When they wanted to stash the Ark of the Covenant away at the end of the first Indiana Jones film, the government did what any self-respecting bureaucratic institution would, filing it away in a giant warehouse.
Navigating even the most well-appointed warehouse spaces can get tricky, and keeping tabs on missing inventory a downright nightmare, requiring full staffs over several day-long periods to count and re-count pallets, in hopes of determining whether anything has gone missing. And let’s be honest for a minute: Humans just aren’t great at counting. Robots, on the other hand, well, that’s what they’re designed to do.
“Lost inventory costs companies billions of dollars every year,” explains Marc Gyongyosi. The IFM (that’s Intelligent Flying Machines) CEO founded his company in hopes of applying lessons learned for time spent working on human-robotic interfaces at BMW to the problem of costly warehouse inventory depletion.
“From my background in industrial robotics, I very often saw that with the systems they current have in warehouses, things get lost all the time,” he continues. “You wouldn’t believe how often things get lost. And when they do go and search for stuff, they have to go and climb up forklifts and ladders. They even bring binoculars to find things.“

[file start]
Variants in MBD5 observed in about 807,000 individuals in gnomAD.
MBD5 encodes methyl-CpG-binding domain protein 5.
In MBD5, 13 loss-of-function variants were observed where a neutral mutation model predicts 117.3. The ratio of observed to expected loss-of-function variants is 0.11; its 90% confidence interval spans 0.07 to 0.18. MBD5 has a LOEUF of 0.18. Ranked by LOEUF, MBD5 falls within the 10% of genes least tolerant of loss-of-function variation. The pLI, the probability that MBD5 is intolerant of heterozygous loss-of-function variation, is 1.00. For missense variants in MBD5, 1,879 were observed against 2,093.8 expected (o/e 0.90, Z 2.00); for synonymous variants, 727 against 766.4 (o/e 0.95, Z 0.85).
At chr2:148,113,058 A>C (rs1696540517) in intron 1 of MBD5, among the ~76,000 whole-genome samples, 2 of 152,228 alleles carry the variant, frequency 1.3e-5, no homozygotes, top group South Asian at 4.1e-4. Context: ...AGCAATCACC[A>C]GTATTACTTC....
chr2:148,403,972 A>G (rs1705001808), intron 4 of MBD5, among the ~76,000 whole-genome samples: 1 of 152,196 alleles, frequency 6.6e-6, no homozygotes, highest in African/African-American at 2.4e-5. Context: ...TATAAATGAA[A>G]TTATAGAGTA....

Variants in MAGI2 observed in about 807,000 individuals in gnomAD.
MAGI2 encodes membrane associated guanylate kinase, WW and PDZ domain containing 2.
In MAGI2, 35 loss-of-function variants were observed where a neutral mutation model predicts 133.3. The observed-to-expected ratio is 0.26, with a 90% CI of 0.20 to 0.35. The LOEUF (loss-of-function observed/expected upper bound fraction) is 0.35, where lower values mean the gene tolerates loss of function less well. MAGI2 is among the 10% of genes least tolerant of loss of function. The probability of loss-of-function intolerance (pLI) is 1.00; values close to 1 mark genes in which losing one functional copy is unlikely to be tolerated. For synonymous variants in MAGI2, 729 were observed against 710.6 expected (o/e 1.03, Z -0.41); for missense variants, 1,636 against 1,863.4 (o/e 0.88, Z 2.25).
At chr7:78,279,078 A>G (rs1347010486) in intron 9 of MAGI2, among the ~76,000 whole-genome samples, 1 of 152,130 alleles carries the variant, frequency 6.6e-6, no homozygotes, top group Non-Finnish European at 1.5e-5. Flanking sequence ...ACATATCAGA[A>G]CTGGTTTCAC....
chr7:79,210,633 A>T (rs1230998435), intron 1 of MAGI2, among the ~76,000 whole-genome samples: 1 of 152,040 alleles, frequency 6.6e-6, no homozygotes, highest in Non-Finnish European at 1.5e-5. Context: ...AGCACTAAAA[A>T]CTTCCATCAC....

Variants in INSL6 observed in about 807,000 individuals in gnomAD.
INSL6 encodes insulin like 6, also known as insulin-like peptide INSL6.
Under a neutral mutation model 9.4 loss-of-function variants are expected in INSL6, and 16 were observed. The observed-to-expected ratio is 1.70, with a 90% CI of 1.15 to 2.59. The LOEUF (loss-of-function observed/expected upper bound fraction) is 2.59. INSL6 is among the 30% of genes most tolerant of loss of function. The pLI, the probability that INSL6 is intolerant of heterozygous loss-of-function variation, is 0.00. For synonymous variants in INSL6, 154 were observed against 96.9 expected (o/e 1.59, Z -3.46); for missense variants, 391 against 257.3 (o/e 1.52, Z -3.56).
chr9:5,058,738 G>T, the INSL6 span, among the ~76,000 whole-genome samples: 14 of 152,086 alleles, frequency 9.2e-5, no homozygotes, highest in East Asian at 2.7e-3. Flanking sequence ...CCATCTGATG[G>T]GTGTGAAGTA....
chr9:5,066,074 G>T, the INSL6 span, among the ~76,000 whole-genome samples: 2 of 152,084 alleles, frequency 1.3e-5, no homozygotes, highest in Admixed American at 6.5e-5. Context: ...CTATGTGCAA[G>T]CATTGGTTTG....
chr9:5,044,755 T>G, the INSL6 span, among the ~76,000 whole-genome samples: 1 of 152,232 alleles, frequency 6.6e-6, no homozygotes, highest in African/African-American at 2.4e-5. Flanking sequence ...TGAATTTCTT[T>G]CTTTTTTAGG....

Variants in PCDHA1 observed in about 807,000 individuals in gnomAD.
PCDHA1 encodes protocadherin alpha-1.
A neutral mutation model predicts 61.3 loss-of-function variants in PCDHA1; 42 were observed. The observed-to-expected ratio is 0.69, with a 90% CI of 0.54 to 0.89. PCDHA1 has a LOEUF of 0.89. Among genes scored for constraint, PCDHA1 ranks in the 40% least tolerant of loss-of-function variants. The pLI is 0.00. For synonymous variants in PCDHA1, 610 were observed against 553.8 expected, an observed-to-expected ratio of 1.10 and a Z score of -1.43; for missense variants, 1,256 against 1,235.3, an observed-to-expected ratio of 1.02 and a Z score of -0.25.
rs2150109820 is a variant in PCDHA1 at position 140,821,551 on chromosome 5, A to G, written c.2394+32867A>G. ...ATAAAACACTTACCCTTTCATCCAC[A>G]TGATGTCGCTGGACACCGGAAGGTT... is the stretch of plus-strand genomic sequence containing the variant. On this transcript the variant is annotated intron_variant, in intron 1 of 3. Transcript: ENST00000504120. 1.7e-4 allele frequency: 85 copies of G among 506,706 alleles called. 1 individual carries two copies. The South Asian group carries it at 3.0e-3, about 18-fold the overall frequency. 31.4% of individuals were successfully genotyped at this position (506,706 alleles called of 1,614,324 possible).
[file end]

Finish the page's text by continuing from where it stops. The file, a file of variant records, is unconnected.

IFM’s solution to the issue of costly inventory depletion is a small army of drones, high-accuracy counting robots with onboard systems that allow them to navigate the insides of warehouses without direct human oversight. IFM’s drones are designed to deploy between warehouse shifts, taking off autonomously, scanning the aisles and landing themselves for a recharge.
The process depends on the size of the warehouse and number of drones deployed, but on average, it should take around 20 minutes. The information gathered via scan is uploaded and cross-referenced with the company’s inventory software. Errors are noted and alerts are sent to tablets posted at the end of aisles, which workers check at the beginning of their shift to see if anything has gone missing.
IFM has already begun a pilot program with different companies, including some unnamed automakers, and is planning its first commercial roll-out for next year. Gyongyosi adds that the system could have implications beyond its initial inventory solution. “We have Google Maps for the outdoors,” the exec explains. “But we don’t have anything like that indoors. And all of manufacturing is indoors. There’s a lot of data to be collected indoors, and this technology is the first step in creating a system that can collect this information autonomously. “